Whatever you do, do NOT compare where you work to other places you used to work and that the training you rec'd at other said places was decent. I was recently hired to work at an alarm company mainly because I'd had experience in another one but then fired because I compared the new one with the former one saying that I'd had better training. This new company used a blurry overhead projector to "illustrate" what their software looked like. It was impossible to make out the words. Then, because I'd had experience in the same field,(from two years prior) I was expected to, like you, figure out the system essentially on my own, whilst the others in my training group had one-on-one training during the day when the company was most highly staffed. I was told by the operations manager that if I agreed to go immediately to my shift of choice, the swing shift, that I would receive just as much training as the others. I was actually supposed to receive more! "Intensive accelerated training" was how it was put to me. That turned out to be a bald-faced lie! I was seated in the middle of two experienced operators but the one who was supposed to have trained me admitted that she had never trained someone before and she had to carry on with her duties as though I was not there. We were supposed to constantly be on a split headphone set; but more often than not, she removed her half and I did not hear her half of the conversation. I was not allowed to answer the telephones as of yet due to lack of experience (I'd gotten yelled at by a technician from one of the multiple companies with which they dealt, because I didn't know their system yet..this was only after a short time of training; less than ten consecutive days..and the tech asked for a supervisor. There were no supervisors on duty. I had advised him that one was not available, whereupon he wanted a more experienced operator. Out of the three on duty, no one was immediately available). Also during the first week when I was supposed to have received this "intensive training" the person assigned to me called out sick. I thought that the other lead operator could train me since he'd been with the company the longest, but he flat out refused. This company supposedly covers alarm systems in every state yet there were maybe a total of five operators on swing shift on a good day. The operator to my left spoke as though she had a mouthful of marbles. Needless to say, I felt stupid asking question after question which most operators seemed reluctant to answer. I also lacked the confidence to answer the phones based upon the reluctance of the more experienced operators to help me. Just because I'd worked at a similar company it was assumed that I would know all of the rules for this one and that the software would be a cinch. It wasn't. It was quite different than what I'd worked with previously (two years prior- - did they expect that I would keep it all in the forefront of my memory banks, regardless?)I felt as though I was expected to be the "star" pupil without having sufficiently learned. I had even told them that I learn more by doing than simply by reading or watching over someone's shoulder. There was absolutely no feedback, good or bad. During my second week of training, I'd had split days off so that I could keep an appointment that I'd made a month earlier. I was also expected to take off the same days as my "trainer". That had to be switched because of my previous appointment. I had also, previously asked to go back on the day shift, just for a few days, not the entirety of my training, to better get acquainted with the system. I guess that my wanting to learn faster or at least at the same rate as the rest of the people in my group was a bad thing to request. Even the woman who was supposed to be on the midnight shift was kept on days, because it was acknowledged that those on midnight shift would refuse to train her. I told my immediate supervisor that if my going back on the day shift would present any problems, then to not bother; I would stick to swing for the duration. Apparently, my wanting to learn at the same rate as everyone else for at least a couple of days annoyed the operations mgr who bitterly complained that there were "two" trainees on day shift already. He then proceeded to tell me that he was letting me go, because I "just didn't fit in". I asked him to be more specific, he vaguely mumbled something about my making comparisons to the effective training at the other place. I guess he took it as an insult that I found the training at this place to be severely lacking. Even one of my references, a man with high governmental clearance said it sounded as though this company didn't have its sh*t together. And it doesn't. But, so you can keep your job; don't make the same mistake I did.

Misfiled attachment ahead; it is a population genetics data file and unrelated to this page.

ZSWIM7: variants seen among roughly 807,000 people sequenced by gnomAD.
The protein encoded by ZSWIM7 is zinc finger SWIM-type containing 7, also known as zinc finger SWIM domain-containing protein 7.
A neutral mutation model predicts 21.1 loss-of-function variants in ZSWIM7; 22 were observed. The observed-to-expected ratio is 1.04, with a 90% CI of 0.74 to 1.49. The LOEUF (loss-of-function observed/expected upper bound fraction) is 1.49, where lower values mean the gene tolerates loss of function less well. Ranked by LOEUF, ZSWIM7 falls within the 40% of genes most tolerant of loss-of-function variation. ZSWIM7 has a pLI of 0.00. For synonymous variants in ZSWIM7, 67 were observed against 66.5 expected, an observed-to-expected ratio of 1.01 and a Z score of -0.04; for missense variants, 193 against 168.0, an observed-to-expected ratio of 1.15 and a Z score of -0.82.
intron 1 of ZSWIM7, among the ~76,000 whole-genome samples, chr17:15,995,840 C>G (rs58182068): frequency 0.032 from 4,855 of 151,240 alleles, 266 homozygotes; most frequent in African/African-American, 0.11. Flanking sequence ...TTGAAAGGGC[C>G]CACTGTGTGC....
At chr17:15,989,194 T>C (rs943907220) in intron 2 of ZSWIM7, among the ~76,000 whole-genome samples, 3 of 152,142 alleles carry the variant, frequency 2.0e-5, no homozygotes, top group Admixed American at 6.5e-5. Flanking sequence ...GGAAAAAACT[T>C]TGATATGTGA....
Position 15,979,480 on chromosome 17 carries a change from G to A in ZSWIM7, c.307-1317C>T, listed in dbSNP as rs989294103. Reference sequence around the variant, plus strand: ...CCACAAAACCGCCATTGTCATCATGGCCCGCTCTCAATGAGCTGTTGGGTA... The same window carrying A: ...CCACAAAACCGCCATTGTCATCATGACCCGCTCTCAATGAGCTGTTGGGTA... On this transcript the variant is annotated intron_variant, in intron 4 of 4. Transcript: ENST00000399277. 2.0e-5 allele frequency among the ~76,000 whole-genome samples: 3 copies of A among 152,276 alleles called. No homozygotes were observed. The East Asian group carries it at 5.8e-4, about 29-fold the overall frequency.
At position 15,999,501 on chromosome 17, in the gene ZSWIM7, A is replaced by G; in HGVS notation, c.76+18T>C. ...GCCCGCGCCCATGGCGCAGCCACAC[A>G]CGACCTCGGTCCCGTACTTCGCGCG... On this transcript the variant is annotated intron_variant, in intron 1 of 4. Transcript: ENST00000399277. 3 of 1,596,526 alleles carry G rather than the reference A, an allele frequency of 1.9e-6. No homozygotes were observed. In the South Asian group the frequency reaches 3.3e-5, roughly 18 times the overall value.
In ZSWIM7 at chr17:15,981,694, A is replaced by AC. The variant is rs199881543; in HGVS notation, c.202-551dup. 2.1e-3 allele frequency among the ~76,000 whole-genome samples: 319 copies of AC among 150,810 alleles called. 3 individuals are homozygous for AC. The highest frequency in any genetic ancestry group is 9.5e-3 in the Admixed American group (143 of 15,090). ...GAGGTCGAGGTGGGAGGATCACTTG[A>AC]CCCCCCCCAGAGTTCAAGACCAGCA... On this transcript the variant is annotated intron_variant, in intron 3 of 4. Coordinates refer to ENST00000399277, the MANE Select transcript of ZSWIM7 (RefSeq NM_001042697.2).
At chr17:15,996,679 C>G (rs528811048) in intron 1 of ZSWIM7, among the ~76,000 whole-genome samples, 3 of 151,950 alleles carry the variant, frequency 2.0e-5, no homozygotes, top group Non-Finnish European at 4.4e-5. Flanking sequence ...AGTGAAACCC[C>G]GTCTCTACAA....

But what you are going through, sounds almost exactly like what I just went through; just mine was a much shorter duration.